in colorado to display his dad's bugs, but now has bigger aspirations. so it's with keen interest that john reads in the paper that the great walt disney is in colorado. john gets in touch and invites him to the museum, with the idea that maybe he can lease disney part of the may bug collection, and it could be a hit at disneyland, which had opened the previous year. to everyone's delight, walt himself agrees to a visit. john's daughter, carla, who's 13 at the time, is there when the legend arrives. >> walt disney went into the museum and dad took him all through the collection, and i trailed around behind watching this whole thing, and he was very impressed. he wanted to buy the collection. >> john sees an opening. he and disney discuss terms. john only wants to lease it, with his father's name on it. walt stands firm -- sell or no deal. >> dad said, "if we do sell it, will we at least get credit?
will there be a plaque saying this is james frederick william may's collection," and this sort of thing? and disney said, "no, they don't give credit to anything in disneyland. it's all disney." >> john walks away, but, like disney, expands in florida. the may family opens a second bug museum in the popular theme park weeki wachee springs. he straps his signature beetle onto his pickup and drives it cross-country. >> what did you think as kids when you had this big beetle to transport on top of the car? >> [ laughs ] well, it's a real traffic-stopper. it really is. but there he is. >> he thought if he could lease in a good location, we would make a lot more money, but there, he had to build special cases out of metal. i mean, it was a major project to be able to display without the whole collection being destroyed. >> ultimately, john may's venture in florida runs into the same problem he faced with disney. >> the reason that we left florida was because abc-paramount took over weeki wachee springs, and they
didn't want us there privately. they wanted to either buy it or we had to leave. >> in the mid 1960s, john carts his bug collection back to colorado, but the experience makes him realize he needs more than a bug museum to draw customers. so he decides to put in a campsite. >> the original parcel was 180 acres. my grandfather added onto the land whenever anything became available somewhere in the neighborhood of 950 acres for all of it together. >> eventually he built on the plateau above the museum, and we ended up with a 500-site campground. >> thank goodness he tied up those water rights decades before. now his bug museum is not just a place for science buffs or curious road-trippers. tack on the campground, and it's an overnight adventure. the hercules beetle statue, which made the trip back from florida, is an irresistible draw. inside the museum,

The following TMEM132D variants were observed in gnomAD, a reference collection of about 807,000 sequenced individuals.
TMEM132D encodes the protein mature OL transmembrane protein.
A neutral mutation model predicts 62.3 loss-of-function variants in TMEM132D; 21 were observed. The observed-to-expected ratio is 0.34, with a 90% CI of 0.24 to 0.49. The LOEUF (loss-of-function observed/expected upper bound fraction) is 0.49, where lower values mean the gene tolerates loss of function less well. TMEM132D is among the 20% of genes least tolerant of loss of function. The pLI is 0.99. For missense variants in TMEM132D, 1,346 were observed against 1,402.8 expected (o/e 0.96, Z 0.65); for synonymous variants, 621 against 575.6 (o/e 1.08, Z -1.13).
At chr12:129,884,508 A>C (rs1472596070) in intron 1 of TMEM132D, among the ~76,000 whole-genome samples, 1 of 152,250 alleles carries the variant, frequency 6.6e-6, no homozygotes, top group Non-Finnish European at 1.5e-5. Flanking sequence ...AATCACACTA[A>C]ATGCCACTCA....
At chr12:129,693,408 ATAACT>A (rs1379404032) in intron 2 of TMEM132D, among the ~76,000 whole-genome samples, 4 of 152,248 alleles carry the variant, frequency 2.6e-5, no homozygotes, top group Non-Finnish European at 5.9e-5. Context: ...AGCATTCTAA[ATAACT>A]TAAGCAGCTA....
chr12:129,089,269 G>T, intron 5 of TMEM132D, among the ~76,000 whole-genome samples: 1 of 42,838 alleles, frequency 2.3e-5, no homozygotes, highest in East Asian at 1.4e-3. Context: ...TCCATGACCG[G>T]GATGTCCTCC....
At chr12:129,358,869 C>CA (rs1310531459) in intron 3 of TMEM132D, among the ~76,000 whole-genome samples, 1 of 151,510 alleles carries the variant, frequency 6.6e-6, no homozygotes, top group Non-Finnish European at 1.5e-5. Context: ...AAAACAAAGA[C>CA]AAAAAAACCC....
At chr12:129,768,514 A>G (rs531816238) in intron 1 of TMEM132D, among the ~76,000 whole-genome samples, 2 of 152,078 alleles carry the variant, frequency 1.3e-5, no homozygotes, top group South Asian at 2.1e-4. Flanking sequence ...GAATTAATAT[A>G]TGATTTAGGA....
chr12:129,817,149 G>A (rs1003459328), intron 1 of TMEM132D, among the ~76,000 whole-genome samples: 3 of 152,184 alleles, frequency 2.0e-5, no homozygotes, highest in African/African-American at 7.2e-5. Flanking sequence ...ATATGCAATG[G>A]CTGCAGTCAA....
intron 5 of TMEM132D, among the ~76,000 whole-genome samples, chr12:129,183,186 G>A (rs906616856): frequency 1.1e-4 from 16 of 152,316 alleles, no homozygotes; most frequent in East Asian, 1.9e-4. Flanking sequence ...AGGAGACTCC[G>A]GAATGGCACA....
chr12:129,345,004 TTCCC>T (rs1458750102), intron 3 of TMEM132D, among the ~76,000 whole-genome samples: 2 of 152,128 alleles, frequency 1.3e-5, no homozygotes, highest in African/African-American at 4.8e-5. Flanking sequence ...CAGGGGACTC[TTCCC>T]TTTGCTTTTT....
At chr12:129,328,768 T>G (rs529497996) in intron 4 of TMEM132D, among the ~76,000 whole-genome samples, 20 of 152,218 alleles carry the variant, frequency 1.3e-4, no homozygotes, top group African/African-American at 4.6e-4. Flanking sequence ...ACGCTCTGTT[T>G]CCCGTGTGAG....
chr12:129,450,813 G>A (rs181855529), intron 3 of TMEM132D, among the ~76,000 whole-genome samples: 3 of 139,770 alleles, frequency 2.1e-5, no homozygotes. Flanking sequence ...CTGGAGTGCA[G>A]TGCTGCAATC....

there's a 17-inch walkingstick bug... moths with a 10-inch wingspan... butterflies in every color of the rainbow... and the black widow spider that entomologist sam johnson says deserves its deadly rep. so the black widow is not just a myth? >> no, it's not a myth at all, although the toxicity, it varies from individual to individual, but they've killed a lot of people. i had a friend who was this close to dead before the emts got there and saved her life. >> okay, these bugs are giving me the creeps... even before sam johnson insists i try my hand at bug pinning. so, sam, pinning 101, and you had to pick locusts? you had to pick the locusts? >> [ laughs ] i just couldn't resist. >> luckily, sam is joking, and we move along to something more tolerable. if i see correctly, you picked something much more beautiful. >> yeah, yeah. this is weidemeyer's admiral. this is a butterfly.
>> beautiful butterfly. >> so we can spread its wings like that. >> oh, my. >> and all we have to do then is take a pin. and i can put a pin, not through the wing but right next to the wing. see how you do here. put the pin just like i did through that paper. just right through there. that's good. real hard. good. you're like a lepidopterist. >> all right, at least i got through one. for decades the museum, with its quaint old-fashioned displays, continues to chug along, with an aging john in charge and various may family members working at it full time. but as the 21st century gets underway, interest in the museum and campground steadily drop off. and after vicky, john's faithful wife and fellow adventurer, passes away, it becomes clear to their kids that running a museum and a campground isn't easy for an octogenarian. >> he didn't like to delegate authority. he wanted to do it himself. and so as he was declining in